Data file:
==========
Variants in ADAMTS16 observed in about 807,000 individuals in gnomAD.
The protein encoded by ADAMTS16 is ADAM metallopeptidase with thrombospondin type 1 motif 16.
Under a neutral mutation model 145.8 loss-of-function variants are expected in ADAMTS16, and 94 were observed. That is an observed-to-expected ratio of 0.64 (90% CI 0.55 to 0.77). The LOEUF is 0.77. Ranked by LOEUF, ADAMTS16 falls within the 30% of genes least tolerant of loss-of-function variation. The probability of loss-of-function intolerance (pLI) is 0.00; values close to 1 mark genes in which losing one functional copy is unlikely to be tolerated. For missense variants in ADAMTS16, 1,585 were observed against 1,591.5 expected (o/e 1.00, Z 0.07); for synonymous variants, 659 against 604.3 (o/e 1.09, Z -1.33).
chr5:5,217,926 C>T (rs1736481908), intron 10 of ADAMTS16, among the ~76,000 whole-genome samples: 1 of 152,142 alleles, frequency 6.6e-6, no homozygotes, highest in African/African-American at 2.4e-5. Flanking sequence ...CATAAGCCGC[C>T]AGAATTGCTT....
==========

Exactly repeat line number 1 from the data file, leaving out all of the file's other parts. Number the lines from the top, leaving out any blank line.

Variants in ADAMTS16 observed in about 807,000 individuals in gnomAD.